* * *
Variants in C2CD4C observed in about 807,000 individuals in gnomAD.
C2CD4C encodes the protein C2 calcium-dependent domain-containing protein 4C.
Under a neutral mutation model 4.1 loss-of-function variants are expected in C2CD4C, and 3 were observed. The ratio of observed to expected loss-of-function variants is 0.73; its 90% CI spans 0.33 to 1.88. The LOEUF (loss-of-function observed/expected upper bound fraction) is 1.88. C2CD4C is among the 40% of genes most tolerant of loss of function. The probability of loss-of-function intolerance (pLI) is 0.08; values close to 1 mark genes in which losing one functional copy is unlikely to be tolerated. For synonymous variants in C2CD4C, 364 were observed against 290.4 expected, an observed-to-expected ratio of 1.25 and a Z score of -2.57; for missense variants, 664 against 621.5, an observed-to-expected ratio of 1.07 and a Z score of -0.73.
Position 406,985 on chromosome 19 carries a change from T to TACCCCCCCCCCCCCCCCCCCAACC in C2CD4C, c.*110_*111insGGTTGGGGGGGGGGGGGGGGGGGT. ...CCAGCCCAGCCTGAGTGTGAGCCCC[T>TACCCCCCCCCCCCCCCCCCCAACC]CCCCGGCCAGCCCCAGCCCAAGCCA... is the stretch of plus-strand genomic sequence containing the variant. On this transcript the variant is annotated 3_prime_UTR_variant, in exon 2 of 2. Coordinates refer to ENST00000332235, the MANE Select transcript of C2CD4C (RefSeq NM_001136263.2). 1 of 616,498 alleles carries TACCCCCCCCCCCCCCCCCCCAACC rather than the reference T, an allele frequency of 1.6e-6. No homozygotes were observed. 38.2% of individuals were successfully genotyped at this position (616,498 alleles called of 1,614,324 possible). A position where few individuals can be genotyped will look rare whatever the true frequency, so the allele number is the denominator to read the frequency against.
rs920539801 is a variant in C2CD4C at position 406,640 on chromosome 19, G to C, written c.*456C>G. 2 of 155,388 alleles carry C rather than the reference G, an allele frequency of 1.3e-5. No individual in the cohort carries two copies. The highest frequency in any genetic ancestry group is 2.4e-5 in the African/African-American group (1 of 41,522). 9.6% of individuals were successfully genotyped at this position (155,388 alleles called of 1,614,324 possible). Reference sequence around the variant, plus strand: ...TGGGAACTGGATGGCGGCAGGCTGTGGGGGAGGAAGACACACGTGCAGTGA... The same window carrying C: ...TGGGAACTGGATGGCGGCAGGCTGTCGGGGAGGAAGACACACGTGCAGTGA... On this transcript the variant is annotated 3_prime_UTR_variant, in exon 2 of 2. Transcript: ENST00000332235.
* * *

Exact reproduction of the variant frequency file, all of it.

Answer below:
Variants in C2CD4C observed in about 807,000 individuals in gnomAD.
C2CD4C encodes the protein C2 calcium-dependent domain-containing protein 4C.
Under a neutral mutation model 4.1 loss-of-function variants are expected in C2CD4C, and 3 were observed. The ratio of observed to expected loss-of-function variants is 0.73; its 90% CI spans 0.33 to 1.88. The LOEUF (loss-of-function observed/expected upper bound fraction) is 1.88. C2CD4C is among the 40% of genes most tolerant of loss of function. The probability of loss-of-function intolerance (pLI) is 0.08; values close to 1 mark genes in which losing one functional copy is unlikely to be tolerated. For synonymous variants in C2CD4C, 364 were observed against 290.4 expected, an observed-to-expected ratio of 1.25 and a Z score of -2.57; for missense variants, 664 against 621.5, an observed-to-expected ratio of 1.07 and a Z score of -0.73.
Position 406,985 on chromosome 19 carries a change from T to TACCCCCCCCCCCCCCCCCCCAACC in C2CD4C, c.*110_*111insGGTTGGGGGGGGGGGGGGGGGGGT. ...CCAGCCCAGCCTGAGTGTGAGCCCC[T>TACCCCCCCCCCCCCCCCCCCAACC]CCCCGGCCAGCCCCAGCCCAAGCCA... is the stretch of plus-strand genomic sequence containing the variant. On this transcript the variant is annotated 3_prime_UTR_variant, in exon 2 of 2. Coordinates refer to ENST00000332235, the MANE Select transcript of C2CD4C (RefSeq NM_001136263.2). 1 of 616,498 alleles carries TACCCCCCCCCCCCCCCCCCCAACC rather than the reference T, an allele frequency of 1.6e-6. No homozygotes were observed. 38.2% of individuals were successfully genotyped at this position (616,498 alleles called of 1,614,324 possible). A position where few individuals can be genotyped will look rare whatever the true frequency, so the allele number is the denominator to read the frequency against.
rs920539801 is a variant in C2CD4C at position 406,640 on chromosome 19, G to C, written c.*456C>G. 2 of 155,388 alleles carry C rather than the reference G, an allele frequency of 1.3e-5. No individual in the cohort carries two copies. The highest frequency in any genetic ancestry group is 2.4e-5 in the African/African-American group (1 of 41,522). 9.6% of individuals were successfully genotyped at this position (155,388 alleles called of 1,614,324 possible). Reference sequence around the variant, plus strand: ...TGGGAACTGGATGGCGGCAGGCTGTGGGGGAGGAAGACACACGTGCAGTGA... The same window carrying C: ...TGGGAACTGGATGGCGGCAGGCTGTCGGGGAGGAAGACACACGTGCAGTGA... On this transcript the variant is annotated 3_prime_UTR_variant, in exon 2 of 2. Transcript: ENST00000332235.